So you want to advance your career in GIS. Great! This is a booming profession, and there’s a lot of demand for experienced people. Many different industries need GIS analysts and technicians—governments, telecom, environmental, utilities, education, and much more.
With so many systems available to GIS departments, how are you supposed to know which ones to learn? How do you narrow down the skills that will make you a competitive job applicant? Beyond getting a degree in GIS, taking official training and even getting certified in the specific skills an employer is looking for will help set you apart from other applicants. Here are specific skills and software to study that will boost your resume.
1. Understand a wide range of formats
As a GIS technician/analyst, you’ll have to work with a lot of different types of data, including CAD, databases, remote sensing, satellite imagery, LiDAR, IoT and sensors, building information modeling (BIM), and cloud services. It’s a good idea to become familiar with these formats because you’re likely to have to work with them at some point. For example, you’ll find about as many GIS job postings asking for AutoCAD proficiency as those asking for ArcGIS, so it’s worth becoming familiar with how CAD files and spatial models work.
Consider taking training and even getting certified in popular technologies, like Autodesk AutoCAD and Revit, and Amazon Web Services (AWS). These skills and certifications are sure to boost your resume.
An example of different data formats covering the same area: point cloud (left), Shapefile (middle), raster (right).
2. Become proficient with Esri software
It should come as no surprise that Esri is one of the first items on this list. Esri products dominate the GIS software market, and ArcGIS is always listed in GIS job postings, so make sure you’re comfortable using this software. The best way to study Esri outside of a GIS program is to take Esri training online, and then get certified via the official Esri certification program.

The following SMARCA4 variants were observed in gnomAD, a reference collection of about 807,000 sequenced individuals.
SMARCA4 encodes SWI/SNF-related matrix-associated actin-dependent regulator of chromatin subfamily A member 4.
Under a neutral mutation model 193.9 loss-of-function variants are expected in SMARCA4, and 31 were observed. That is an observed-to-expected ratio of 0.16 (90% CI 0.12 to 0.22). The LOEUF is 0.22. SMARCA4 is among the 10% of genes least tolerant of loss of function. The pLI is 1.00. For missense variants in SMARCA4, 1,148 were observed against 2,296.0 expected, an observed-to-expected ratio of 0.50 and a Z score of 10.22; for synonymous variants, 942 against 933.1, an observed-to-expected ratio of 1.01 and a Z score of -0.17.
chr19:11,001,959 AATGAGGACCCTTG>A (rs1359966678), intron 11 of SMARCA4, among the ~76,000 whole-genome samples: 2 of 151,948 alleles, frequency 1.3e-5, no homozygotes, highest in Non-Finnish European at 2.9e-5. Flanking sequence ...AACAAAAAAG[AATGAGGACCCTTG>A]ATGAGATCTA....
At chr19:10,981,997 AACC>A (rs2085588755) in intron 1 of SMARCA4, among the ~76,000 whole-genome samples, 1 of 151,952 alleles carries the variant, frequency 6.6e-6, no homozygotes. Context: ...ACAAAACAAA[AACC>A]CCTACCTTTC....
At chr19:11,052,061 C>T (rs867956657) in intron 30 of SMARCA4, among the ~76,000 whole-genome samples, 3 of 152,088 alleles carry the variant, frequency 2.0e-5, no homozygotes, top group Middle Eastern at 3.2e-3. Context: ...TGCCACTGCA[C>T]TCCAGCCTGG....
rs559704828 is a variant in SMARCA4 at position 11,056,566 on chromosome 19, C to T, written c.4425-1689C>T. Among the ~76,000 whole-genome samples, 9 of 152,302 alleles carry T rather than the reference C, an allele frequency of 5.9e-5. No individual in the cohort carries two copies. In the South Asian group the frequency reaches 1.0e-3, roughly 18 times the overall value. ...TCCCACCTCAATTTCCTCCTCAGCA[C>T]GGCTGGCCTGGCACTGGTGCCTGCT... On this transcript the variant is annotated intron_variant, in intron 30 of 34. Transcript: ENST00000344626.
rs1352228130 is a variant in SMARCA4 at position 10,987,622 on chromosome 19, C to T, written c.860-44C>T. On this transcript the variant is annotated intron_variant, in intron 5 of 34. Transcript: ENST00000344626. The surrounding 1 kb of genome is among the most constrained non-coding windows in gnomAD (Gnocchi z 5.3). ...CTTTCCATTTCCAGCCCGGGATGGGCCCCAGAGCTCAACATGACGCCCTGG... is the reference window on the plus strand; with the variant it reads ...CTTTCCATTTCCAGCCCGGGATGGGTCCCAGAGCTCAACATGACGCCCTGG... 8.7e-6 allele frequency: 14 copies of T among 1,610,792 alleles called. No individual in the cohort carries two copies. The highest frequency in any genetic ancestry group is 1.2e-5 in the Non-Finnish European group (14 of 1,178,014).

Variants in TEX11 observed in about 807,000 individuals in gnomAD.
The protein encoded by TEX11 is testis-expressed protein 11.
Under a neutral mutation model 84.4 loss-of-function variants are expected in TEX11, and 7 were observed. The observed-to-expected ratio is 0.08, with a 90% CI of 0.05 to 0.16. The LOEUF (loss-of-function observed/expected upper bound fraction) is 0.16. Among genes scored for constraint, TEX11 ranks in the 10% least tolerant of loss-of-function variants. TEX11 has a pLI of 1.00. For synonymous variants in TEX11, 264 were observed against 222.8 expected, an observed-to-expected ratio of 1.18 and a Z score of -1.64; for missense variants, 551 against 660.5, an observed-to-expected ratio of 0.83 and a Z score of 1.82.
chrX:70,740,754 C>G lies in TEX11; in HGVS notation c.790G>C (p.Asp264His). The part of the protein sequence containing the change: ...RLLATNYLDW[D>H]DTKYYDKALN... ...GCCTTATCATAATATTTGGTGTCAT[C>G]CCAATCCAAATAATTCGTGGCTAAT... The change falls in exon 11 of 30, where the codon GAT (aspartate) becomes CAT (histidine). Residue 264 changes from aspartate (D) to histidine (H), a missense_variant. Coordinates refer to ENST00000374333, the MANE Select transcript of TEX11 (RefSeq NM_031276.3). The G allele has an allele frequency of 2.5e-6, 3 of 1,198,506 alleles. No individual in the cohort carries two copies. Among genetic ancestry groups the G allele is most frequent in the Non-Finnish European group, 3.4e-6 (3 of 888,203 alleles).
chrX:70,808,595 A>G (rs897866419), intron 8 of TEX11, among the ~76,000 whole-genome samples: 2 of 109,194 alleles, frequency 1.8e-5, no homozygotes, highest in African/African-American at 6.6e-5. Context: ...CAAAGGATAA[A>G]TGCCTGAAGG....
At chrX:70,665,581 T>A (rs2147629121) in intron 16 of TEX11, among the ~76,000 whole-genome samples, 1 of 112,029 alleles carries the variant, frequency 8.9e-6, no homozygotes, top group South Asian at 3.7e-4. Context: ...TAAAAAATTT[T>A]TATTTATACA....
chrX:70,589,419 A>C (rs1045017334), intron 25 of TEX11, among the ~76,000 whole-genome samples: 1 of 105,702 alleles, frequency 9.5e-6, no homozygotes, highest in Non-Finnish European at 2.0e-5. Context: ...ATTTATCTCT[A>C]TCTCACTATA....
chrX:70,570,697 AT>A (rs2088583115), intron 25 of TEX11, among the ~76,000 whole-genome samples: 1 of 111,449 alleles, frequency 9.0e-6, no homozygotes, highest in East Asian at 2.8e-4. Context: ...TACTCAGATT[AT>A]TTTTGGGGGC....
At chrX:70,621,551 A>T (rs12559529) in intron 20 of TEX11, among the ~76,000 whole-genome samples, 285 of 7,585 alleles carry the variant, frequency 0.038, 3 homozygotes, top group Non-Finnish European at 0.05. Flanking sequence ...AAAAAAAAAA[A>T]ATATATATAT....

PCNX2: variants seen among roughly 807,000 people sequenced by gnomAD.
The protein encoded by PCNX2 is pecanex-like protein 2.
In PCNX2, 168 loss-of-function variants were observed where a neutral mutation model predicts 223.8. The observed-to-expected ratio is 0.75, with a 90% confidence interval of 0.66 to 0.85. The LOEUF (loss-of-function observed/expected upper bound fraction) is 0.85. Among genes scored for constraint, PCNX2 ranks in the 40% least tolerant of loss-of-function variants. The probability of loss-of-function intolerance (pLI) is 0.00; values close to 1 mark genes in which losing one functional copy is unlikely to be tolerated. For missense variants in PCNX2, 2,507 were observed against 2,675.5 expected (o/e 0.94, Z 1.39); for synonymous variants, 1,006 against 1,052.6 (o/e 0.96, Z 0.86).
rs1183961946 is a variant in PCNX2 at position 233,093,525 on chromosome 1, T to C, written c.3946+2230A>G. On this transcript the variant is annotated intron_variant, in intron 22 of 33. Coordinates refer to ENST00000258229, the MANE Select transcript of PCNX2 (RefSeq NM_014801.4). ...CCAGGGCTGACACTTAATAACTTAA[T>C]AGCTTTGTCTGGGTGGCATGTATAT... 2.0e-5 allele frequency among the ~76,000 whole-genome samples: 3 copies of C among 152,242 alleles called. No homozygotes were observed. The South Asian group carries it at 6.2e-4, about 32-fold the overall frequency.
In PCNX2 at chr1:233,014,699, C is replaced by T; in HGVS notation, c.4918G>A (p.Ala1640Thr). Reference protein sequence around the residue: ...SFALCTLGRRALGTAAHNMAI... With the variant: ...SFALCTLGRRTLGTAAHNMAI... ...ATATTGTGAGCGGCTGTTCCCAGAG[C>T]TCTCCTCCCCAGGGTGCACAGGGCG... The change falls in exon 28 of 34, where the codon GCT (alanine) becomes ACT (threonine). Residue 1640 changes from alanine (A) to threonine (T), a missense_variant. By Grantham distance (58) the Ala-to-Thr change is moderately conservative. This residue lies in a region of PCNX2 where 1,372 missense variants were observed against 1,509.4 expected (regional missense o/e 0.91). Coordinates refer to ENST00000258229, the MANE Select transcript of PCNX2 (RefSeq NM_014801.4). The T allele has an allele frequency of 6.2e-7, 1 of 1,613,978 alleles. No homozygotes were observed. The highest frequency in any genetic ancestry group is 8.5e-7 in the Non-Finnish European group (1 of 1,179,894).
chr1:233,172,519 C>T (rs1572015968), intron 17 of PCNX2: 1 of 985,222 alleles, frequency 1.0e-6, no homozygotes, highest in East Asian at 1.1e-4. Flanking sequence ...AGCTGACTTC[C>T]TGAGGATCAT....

3. Know how to create spatial datasets
In addition to working with and managing data, you will also have to create it in the form of maps, cartography, 3D models, and more. This includes understanding coordinate systems and how they impact the accuracy of your data.
Image from MapnikRasterizer documentation
4. Learn database management and SQL
Part of your job in GIS will involve relational database management (RDBMS), so it’s good to familiarize yourself with database management and SQL. Consider going through Oracle training and certification online, particularly the MySQL certification path. You might also want to familiarize yourself with other popular relational databases, like PostgreSQL, SQLite, and SQL Server.
5. Learn FME
FME is a data integration platform that can save you a lot of time and effort. It’s the best way to convert data between GIS and CAD, perform data validation/QA, transform data models, and perform a lot of other data manipulation tasks. FME is often listed in GIS job postings because it’s a powerful tool for integrating various data formats and technology.
It also offers advanced workflow automation—for example, running tasks on a schedule, as a web service, or in response to an event. You can use it to create apps that end users can access to run self-serve data workflows, such as a data portal or validation service.
6. Know how to analyze spatial data
In a GIS role, you’ll have to analyze spatial data to help guide decision-making. Business intelligence software like Tableau can come in handy for visualizing data and generating insight, while some of the tools mentioned above can also help you gather intel from datasets and imagery.
7. Learn how to publish and share spatial data
Spatial datasets often need to be published and shared via reports, web portals, applications, and more. The tools above offer ways to do all of these, including automated data delivery, so make sure you understand how to do these tasks.
8. Study open-source applications
Become familiar with open-source GIS applications, and learn how to use some of the more common ones. For example, QGIS is an open-source alternative to Esri software, and it’s often listed in GIS job postings. Some companies prefer QGIS over Esri because it is open source, and some use both, so it would be an asset to your resume to be proficient in both.
9. Learn to code
Easier said than done, of course, but you don’t have to be a programming expert right away. Python is often used to manage databases, extend software like ArcGIS, QGIS, and FME, and create graphical user interfaces—plus, it’s the most-requested coding language in GIS-related jobs. It’s a good idea to take some time to learn Python, as you’ll probably have to write code at some point in your career.
There are a lot of great online courses for learning to code, like Codecademy.
When working in GIS, it’s important to be familiar with various data formats and software, like CAD, rasters, BIM, and LiDAR, as well as how to perform tasks like creating spatial datasets, managing databases, building web applications, data integration, and workflow automation. Check off a few (or all!) of the above skills, and you’ll be an asset to any GIS team!